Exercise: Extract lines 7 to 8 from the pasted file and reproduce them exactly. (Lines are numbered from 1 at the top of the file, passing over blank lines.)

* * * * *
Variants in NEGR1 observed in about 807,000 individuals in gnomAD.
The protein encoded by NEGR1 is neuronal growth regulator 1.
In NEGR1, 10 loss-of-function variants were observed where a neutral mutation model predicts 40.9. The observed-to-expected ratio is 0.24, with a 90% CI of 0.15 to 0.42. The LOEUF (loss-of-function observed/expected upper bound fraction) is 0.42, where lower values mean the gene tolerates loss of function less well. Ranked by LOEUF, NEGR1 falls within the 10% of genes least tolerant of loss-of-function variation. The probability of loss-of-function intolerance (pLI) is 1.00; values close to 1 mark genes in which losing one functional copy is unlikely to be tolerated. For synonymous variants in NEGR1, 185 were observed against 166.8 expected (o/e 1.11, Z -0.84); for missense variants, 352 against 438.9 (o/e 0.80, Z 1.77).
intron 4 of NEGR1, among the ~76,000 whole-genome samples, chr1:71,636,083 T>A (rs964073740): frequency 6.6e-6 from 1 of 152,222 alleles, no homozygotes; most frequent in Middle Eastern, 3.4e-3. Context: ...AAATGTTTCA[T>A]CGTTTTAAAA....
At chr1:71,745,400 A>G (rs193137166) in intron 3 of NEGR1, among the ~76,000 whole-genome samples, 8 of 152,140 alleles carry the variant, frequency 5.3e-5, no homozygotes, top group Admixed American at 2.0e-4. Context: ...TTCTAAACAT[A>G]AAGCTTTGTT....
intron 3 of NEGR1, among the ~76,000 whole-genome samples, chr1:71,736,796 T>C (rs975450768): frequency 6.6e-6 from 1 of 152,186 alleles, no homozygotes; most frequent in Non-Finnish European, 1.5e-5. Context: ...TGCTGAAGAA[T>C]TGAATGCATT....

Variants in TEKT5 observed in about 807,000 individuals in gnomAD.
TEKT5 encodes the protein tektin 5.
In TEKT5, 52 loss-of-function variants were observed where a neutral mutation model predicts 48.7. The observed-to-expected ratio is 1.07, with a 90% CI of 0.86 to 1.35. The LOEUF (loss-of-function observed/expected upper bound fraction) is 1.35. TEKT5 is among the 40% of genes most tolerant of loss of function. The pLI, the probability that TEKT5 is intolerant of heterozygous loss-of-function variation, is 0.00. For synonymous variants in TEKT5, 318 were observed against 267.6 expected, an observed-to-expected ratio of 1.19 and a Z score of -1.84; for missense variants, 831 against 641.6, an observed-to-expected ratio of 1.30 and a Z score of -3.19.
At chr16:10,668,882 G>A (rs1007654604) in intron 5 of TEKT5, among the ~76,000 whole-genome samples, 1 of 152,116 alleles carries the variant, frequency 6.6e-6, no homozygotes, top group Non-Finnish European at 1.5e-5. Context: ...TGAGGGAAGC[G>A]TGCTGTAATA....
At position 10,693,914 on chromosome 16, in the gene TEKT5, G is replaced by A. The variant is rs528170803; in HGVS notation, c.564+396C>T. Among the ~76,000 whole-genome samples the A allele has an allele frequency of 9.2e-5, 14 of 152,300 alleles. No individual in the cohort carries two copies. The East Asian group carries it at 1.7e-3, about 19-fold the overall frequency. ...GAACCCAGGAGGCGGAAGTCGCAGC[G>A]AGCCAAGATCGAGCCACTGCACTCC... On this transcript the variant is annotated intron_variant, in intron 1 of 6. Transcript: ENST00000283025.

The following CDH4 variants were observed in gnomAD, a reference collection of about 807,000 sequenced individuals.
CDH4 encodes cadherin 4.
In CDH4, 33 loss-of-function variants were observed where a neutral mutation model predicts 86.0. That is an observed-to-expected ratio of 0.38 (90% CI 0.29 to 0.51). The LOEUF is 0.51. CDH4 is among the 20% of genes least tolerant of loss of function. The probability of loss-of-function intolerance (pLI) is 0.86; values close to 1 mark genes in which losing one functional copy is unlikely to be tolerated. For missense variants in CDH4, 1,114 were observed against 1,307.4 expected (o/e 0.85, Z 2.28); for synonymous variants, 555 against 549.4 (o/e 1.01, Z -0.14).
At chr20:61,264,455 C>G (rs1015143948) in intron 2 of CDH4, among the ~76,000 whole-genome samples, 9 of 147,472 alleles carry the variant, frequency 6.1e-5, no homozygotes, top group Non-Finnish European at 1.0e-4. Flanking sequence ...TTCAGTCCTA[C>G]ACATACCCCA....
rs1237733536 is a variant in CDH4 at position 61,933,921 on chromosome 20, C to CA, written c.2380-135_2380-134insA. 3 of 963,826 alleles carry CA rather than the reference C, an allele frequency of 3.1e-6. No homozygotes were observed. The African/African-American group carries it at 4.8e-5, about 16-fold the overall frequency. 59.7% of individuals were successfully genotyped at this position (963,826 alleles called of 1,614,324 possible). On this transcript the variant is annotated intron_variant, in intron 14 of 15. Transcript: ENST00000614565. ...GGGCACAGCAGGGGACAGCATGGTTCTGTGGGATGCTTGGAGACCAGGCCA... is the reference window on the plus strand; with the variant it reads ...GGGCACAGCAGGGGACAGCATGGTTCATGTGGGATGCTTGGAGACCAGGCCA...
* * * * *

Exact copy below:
Variants in TEKT5 observed in about 807,000 individuals in gnomAD.
TEKT5 encodes the protein tektin 5.